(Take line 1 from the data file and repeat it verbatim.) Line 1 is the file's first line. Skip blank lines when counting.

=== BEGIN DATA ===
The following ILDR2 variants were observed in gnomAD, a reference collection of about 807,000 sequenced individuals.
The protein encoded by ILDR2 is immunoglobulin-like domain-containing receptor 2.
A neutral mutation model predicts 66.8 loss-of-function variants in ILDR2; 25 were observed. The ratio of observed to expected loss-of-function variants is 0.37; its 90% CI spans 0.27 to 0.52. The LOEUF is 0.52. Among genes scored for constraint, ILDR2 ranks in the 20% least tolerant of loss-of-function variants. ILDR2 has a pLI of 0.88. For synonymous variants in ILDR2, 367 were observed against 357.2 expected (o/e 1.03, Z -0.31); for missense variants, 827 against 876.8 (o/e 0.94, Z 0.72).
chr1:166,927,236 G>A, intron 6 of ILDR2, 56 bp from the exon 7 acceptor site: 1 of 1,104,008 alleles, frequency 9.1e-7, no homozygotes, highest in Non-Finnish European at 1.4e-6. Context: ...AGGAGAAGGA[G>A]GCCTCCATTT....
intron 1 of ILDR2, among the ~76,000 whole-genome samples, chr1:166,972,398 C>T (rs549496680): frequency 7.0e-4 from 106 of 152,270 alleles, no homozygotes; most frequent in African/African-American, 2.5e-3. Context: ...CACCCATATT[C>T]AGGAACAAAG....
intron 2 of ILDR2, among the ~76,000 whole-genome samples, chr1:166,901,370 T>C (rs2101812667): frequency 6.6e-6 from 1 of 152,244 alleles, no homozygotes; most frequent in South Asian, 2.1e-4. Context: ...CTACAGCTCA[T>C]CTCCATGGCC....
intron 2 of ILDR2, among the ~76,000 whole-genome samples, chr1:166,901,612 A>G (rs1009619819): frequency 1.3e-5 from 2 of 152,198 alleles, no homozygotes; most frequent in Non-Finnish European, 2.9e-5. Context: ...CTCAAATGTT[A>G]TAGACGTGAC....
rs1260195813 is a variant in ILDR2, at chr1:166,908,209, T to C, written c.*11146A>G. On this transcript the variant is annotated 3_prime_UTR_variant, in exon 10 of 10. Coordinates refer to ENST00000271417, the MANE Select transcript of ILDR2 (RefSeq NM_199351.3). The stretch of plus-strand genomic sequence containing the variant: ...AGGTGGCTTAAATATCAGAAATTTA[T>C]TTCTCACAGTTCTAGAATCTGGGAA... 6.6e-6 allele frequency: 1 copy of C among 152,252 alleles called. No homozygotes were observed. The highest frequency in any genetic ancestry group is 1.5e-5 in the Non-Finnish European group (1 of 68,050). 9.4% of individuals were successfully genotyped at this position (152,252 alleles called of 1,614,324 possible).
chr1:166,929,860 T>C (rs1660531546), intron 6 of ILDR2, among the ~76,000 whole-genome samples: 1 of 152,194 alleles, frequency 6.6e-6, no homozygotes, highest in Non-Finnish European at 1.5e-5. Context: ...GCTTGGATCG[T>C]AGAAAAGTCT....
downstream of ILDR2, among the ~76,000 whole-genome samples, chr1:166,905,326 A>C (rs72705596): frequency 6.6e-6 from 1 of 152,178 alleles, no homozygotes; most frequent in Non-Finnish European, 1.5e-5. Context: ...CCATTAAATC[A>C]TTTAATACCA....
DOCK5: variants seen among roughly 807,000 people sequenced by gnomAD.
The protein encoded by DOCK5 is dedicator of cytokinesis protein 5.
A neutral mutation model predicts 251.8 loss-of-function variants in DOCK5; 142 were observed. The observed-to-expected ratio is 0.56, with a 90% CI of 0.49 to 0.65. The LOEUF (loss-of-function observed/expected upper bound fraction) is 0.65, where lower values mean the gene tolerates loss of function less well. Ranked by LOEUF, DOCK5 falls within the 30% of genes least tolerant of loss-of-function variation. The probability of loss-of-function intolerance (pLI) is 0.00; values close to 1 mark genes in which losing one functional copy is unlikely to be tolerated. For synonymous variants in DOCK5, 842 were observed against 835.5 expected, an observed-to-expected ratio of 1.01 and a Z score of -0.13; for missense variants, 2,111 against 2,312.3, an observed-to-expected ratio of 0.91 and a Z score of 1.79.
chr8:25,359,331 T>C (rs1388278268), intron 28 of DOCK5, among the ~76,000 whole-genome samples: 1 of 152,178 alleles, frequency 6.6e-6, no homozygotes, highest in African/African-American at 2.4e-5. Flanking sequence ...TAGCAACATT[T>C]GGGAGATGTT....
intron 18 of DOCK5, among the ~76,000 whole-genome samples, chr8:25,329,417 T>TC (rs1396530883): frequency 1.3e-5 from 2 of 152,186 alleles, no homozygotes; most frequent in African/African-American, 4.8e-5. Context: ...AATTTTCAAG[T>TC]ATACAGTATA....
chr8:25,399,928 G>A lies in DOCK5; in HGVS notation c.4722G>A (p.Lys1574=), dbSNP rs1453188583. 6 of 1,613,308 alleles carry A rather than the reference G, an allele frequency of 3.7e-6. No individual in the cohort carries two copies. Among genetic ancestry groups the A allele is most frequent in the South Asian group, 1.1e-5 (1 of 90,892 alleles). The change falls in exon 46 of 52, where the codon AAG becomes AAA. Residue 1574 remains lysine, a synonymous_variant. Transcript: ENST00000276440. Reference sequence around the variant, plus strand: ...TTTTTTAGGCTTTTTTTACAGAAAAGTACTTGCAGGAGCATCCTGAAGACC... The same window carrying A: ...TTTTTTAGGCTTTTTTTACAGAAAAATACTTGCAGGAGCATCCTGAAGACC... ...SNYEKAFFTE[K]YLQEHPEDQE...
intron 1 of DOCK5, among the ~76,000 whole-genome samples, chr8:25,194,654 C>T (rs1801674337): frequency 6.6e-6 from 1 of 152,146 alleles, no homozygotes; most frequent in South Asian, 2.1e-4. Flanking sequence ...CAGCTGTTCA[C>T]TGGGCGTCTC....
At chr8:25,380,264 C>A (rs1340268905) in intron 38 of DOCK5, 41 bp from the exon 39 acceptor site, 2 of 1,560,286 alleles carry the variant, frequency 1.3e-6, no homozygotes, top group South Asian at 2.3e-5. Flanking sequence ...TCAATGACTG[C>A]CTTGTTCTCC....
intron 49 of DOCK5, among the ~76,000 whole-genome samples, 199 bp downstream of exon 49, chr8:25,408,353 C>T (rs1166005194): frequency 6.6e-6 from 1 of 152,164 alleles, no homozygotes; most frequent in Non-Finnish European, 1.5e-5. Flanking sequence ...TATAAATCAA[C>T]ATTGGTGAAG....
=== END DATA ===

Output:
The following ILDR2 variants were observed in gnomAD, a reference collection of about 807,000 sequenced individuals.